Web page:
My friend Rachel met Philip Roth when she was a university student.
I was wildly envious. He was my literary idol, inspiring a poem I titled, “Philip Roth Will Save My Life.”
She told me I shouldn’t be.
She said he was coarse, almost mean. Not at all who she imagined him to be. She had been seduced by his words.
Me too. As well as Erica Jong’s, Charles Bukowski’s Anais Nin’s and a long list of other’s.
Most recently, I’ve been seduced by the words of strangers – men looking for love, or something like it, on OKCupid.
Clever words couched in a seemingly shared commonality, ending abruptly when moved from screen to voice.
I should not be entirely surprised.
I’d learned about the chasm between the written word and reality, online and real-time, this past fall when a friend, a man 12 years my junior, told me in no uncertain terms exactly what he would like to do to me. Exactly. And while he made good on his promises a few days later, the flirty simpatico we shared on screen was lost in real life. All hands. No heart.
I was reminded of this truth once again on Friday – my first, OKCupid coffee date.
We made plans a few weeks out due to Passover and my schedule. During that time we exchanged several messages, but we never spoke on the phone.
I told him how to make fried matzoh, and made him promise to cover it with real maple syrup. He told me about a cartoon character his kids like who carries a flask of the stuff.
While I wasn’t convinced this was a romantic connection, he seemed like someone I would want to know.
In person our conversation was clunky, awkward – made worse by bad acoustics and me having to lean in and ask “what?” constantly.
We didn’t talk about his children’s adoption. Or mine. Or even about maple syrup, cartoons or writing – which we both do. We talked about our divorces (Hmm…) and our experiences on OKCupid. (Mine being rather limited.)
I didn’t go into the date with expectations greater than a cup of Intelligentsia, decaf –as it was after 3. And yet, I felt sad.
I suppose there is always some level of hope – What if? Perhaps? Otherwise we would never meet strangers over coffee in the first place.
I miss my ex-husband.
He was solid. I could trust him. He showed up. Period. Even if it wasn’t always in the way I might hope.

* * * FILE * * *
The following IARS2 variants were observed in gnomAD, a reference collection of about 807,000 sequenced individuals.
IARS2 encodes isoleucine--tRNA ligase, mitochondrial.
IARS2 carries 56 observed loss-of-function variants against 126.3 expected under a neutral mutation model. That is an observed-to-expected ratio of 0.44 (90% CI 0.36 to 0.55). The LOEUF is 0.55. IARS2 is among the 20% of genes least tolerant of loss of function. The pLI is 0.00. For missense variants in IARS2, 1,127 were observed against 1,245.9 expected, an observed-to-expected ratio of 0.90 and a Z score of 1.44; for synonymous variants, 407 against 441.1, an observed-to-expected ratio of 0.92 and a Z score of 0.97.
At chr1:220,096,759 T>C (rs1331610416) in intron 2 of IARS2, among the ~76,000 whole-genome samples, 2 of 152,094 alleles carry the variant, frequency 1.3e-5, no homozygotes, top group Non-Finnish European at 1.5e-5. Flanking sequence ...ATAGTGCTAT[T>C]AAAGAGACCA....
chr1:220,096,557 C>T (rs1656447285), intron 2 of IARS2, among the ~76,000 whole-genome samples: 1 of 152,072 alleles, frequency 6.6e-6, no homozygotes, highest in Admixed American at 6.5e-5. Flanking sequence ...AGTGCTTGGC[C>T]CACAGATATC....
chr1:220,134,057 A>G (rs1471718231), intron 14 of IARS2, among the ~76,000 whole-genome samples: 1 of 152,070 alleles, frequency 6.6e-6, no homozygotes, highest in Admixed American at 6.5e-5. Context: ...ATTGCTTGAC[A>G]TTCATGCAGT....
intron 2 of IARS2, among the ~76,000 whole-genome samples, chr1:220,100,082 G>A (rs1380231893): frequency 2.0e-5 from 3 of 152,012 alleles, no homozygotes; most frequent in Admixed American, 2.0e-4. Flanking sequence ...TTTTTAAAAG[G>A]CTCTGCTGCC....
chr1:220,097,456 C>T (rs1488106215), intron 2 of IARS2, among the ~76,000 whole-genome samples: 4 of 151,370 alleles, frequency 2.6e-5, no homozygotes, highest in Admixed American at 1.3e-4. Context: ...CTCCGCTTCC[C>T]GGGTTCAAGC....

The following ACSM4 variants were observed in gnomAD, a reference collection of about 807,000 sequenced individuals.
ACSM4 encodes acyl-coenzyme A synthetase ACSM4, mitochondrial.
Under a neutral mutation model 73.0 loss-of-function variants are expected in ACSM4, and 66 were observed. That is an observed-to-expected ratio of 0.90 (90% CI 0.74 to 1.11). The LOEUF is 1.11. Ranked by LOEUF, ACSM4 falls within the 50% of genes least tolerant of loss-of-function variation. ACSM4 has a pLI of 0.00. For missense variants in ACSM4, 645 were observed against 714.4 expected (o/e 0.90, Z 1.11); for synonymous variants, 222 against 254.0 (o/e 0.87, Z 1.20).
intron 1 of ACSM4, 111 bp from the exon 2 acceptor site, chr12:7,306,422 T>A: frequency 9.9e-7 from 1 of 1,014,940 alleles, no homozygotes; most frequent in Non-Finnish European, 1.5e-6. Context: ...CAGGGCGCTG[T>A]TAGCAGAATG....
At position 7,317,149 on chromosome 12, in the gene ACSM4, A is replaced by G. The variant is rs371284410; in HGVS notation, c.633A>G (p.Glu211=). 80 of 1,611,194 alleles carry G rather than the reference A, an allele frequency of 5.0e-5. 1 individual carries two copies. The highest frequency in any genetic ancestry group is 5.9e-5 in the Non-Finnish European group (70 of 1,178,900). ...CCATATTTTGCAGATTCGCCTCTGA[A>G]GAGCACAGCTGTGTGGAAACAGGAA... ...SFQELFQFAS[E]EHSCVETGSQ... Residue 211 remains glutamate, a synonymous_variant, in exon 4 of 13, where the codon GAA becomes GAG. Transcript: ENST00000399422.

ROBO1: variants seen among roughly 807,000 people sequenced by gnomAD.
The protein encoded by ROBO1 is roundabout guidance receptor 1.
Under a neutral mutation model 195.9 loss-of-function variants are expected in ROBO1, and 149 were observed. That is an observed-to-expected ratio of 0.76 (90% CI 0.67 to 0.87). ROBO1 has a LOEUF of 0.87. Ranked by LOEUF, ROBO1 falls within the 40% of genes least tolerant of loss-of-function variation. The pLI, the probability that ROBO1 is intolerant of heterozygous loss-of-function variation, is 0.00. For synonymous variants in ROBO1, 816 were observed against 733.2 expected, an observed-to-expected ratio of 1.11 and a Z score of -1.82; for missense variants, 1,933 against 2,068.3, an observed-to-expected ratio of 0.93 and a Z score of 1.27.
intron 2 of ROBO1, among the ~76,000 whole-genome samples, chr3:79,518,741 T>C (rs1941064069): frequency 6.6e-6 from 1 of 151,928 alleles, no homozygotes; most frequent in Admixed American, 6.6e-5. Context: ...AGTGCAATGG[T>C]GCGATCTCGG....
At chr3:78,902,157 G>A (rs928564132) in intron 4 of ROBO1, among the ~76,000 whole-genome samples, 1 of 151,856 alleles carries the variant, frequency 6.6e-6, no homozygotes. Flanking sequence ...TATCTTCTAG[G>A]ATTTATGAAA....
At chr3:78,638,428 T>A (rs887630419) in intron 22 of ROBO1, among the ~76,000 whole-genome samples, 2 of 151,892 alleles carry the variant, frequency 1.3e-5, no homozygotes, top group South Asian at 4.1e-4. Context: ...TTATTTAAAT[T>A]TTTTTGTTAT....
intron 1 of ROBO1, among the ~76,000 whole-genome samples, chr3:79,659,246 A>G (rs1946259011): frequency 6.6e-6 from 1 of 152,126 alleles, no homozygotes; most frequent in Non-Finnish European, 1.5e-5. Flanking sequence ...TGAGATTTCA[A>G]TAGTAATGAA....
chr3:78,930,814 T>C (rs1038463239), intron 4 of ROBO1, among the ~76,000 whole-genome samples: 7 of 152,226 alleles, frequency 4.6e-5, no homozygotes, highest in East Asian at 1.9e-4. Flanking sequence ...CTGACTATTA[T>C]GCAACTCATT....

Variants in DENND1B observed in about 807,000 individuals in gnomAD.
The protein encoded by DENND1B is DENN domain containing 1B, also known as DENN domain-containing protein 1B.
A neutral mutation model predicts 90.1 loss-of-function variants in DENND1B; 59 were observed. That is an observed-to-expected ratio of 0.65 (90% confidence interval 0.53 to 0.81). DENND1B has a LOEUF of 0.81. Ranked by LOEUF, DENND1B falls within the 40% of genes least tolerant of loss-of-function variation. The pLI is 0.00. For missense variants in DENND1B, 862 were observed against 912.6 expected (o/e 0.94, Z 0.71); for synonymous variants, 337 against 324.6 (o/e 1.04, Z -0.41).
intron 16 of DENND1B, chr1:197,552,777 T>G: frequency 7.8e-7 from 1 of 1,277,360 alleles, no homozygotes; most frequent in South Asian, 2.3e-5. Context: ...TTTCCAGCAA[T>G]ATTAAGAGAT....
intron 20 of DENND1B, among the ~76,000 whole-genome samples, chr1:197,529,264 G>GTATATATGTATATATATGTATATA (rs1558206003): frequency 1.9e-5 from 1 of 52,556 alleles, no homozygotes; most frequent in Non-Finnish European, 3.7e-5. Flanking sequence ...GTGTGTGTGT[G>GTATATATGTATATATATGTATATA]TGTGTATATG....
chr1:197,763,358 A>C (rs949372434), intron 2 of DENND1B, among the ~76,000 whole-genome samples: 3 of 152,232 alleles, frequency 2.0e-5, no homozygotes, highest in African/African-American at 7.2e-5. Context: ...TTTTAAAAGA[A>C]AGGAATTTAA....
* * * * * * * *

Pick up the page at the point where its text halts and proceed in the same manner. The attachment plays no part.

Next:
I am also clear about what didn’t work. Why we divorced.
Two years after separating, I feel like I am finally grieving.
I miss Mr. 700 Miles — my most recent romance — too. Even though, I couldn’t trust him. He wasn’t solid. He couldn’t show up. I miss the connection that cut straight through the internet, through phone calls, texts and video chats. The feeling that I could talk to him all night and into tomorrow and we’d never run out of things to say, or ways to delight one another.
I am grieving him too. Or perhaps the idea of him. The idea of us.
I get into my car and head north toward Wicker Park, where I will meet my friends in a church basement. Later we will have dinner at the Birchwood, where I will eat a green salad with warm lentils, squash and bacon and drink hot water with lemon. I couldn’t be happier.
My mind wanders, thinking about the rest of the weekend.
Dinner with my girlfriends on Saturday night.
A Sunday morning dance class and performance. And later in the afternoon a salon hosted by my friend Megan – my Artist Date of the week –where her friend Peggy will read from her just-published collection of essays. In between, I will work on editing my friend Martha’s new novel.
I feel excited about my days. About my life. And grateful for it. Grateful for its juicy-ness, with or without a partner.
I am not certain this is true for all people – looking for love or otherwise. I feel lucky.
And a little wiser now too.
I know what I read, on the page or on the screen is only part of the story. I need to listen, to hear it too.
What is being said. And not said.
The sound of gentleness. Laughter. Banter. Ease.
And my heart – beating just a little more quickly.